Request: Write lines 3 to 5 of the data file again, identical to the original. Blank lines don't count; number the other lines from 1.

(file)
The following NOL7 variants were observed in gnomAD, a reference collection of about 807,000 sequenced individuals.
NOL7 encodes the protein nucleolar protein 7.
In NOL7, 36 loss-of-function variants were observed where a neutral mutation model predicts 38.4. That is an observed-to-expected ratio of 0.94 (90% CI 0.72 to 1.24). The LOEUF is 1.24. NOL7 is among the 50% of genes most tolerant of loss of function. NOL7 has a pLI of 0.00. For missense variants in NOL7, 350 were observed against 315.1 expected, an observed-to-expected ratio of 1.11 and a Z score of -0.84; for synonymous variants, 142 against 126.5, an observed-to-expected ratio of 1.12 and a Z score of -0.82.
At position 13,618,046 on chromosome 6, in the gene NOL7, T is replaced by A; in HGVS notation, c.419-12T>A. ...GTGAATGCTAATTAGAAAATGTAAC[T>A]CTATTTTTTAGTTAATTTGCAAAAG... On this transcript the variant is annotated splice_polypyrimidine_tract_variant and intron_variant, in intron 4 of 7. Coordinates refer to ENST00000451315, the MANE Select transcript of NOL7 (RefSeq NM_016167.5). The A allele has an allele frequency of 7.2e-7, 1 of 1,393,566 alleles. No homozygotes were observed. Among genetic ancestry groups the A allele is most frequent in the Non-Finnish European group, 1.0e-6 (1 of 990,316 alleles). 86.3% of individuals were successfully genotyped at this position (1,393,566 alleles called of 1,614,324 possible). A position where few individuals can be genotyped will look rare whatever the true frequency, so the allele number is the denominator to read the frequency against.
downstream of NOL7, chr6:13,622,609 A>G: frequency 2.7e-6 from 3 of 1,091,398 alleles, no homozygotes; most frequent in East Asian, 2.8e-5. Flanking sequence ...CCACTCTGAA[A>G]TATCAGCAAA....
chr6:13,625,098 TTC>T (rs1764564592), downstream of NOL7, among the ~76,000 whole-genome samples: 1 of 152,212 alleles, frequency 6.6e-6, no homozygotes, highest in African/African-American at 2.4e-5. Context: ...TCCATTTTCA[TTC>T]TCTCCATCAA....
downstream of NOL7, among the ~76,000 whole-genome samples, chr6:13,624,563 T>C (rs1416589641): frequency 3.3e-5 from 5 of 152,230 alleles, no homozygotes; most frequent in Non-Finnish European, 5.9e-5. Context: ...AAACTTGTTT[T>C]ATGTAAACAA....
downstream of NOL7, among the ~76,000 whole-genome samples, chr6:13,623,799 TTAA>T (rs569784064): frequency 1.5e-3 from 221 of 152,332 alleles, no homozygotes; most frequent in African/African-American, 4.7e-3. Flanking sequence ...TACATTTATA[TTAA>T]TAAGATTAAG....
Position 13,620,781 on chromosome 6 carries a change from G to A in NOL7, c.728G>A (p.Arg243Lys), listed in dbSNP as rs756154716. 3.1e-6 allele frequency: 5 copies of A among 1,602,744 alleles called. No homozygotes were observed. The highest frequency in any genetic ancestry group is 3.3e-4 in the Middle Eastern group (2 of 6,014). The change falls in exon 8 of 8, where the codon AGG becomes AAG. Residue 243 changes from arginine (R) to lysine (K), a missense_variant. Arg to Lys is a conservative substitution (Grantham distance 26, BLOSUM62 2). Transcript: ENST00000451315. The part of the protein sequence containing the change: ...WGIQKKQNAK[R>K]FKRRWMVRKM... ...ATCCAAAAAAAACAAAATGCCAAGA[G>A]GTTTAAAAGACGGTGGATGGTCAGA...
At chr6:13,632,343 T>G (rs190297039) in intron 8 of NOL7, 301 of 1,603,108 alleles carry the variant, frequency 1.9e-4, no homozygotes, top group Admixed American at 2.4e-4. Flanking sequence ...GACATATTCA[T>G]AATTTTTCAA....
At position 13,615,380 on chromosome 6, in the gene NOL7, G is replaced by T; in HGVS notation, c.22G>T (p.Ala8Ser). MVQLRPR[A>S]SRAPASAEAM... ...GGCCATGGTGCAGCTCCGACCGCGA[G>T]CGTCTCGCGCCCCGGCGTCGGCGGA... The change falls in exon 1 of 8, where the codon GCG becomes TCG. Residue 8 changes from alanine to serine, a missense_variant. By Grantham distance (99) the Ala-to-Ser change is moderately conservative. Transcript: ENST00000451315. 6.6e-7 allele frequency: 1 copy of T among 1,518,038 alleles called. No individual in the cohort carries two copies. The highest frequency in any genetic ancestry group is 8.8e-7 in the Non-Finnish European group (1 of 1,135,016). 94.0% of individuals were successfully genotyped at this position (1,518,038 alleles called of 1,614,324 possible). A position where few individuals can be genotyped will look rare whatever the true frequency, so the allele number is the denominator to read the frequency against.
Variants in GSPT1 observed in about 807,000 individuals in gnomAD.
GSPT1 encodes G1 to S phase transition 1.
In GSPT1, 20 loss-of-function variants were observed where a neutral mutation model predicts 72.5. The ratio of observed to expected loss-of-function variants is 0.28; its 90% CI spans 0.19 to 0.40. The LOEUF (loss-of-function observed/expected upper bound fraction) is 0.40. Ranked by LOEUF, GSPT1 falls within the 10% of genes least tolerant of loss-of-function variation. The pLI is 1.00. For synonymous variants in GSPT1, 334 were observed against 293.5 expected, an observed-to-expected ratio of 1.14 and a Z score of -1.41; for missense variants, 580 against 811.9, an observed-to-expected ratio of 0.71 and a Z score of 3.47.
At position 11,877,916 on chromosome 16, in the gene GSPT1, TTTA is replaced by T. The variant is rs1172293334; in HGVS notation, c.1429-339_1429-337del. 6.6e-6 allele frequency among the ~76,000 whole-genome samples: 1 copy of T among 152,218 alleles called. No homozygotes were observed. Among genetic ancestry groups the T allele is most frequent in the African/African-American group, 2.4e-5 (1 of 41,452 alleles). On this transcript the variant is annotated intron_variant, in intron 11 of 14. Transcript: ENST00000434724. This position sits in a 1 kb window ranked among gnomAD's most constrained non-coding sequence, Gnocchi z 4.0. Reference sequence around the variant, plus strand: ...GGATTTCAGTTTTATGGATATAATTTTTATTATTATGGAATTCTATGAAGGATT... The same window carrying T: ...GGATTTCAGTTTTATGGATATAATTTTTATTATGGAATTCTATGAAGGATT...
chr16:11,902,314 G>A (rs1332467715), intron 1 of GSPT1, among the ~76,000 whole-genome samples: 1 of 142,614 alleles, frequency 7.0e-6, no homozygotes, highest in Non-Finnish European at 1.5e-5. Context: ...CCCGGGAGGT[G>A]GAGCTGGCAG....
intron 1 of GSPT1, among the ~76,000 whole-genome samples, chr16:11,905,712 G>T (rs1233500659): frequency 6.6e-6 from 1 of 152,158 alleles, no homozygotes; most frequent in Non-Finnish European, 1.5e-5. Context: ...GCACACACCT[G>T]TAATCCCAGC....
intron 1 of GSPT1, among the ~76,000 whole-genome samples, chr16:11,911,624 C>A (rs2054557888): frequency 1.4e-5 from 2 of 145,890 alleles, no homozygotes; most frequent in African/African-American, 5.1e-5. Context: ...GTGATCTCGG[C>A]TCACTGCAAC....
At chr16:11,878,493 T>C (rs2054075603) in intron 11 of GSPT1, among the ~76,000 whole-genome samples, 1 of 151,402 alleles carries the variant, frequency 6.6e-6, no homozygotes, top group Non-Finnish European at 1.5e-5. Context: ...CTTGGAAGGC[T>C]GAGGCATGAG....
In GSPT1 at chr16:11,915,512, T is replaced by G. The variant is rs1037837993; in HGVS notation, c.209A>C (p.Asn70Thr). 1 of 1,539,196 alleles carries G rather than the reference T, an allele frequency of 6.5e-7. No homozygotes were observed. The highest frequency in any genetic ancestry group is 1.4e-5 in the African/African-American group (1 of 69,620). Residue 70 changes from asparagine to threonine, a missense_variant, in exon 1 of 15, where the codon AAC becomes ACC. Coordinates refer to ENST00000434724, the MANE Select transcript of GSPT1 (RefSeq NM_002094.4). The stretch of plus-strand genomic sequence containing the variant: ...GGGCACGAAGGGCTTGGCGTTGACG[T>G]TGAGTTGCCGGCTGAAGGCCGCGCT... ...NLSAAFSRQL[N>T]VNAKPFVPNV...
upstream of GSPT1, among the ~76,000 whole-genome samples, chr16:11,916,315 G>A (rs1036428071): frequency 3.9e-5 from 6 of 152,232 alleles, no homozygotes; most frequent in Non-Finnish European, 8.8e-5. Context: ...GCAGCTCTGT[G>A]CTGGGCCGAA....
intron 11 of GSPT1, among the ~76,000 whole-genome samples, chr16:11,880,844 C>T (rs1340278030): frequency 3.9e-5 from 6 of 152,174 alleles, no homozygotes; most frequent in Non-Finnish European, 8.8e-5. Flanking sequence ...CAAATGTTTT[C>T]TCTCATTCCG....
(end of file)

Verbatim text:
In NOL7, 36 loss-of-function variants were observed where a neutral mutation model predicts 38.4. That is an observed-to-expected ratio of 0.94 (90% CI 0.72 to 1.24). The LOEUF is 1.24. NOL7 is among the 50% of genes most tolerant of loss of function. NOL7 has a pLI of 0.00. For missense variants in NOL7, 350 were observed against 315.1 expected, an observed-to-expected ratio of 1.11 and a Z score of -0.84; for synonymous variants, 142 against 126.5, an observed-to-expected ratio of 1.12 and a Z score of -0.82.
At position 13,618,046 on chromosome 6, in the gene NOL7, T is replaced by A; in HGVS notation, c.419-12T>A. ...GTGAATGCTAATTAGAAAATGTAAC[T>A]CTATTTTTTAGTTAATTTGCAAAAG... On this transcript the variant is annotated splice_polypyrimidine_tract_variant and intron_variant, in intron 4 of 7. Coordinates refer to ENST00000451315, the MANE Select transcript of NOL7 (RefSeq NM_016167.5). The A allele has an allele frequency of 7.2e-7, 1 of 1,393,566 alleles. No homozygotes were observed. Among genetic ancestry groups the A allele is most frequent in the Non-Finnish European group, 1.0e-6 (1 of 990,316 alleles). 86.3% of individuals were successfully genotyped at this position (1,393,566 alleles called of 1,614,324 possible). A position where few individuals can be genotyped will look rare whatever the true frequency, so the allele number is the denominator to read the frequency against.
downstream of NOL7, chr6:13,622,609 A>G: frequency 2.7e-6 from 3 of 1,091,398 alleles, no homozygotes; most frequent in East Asian, 2.8e-5. Flanking sequence ...CCACTCTGAA[A>G]TATCAGCAAA....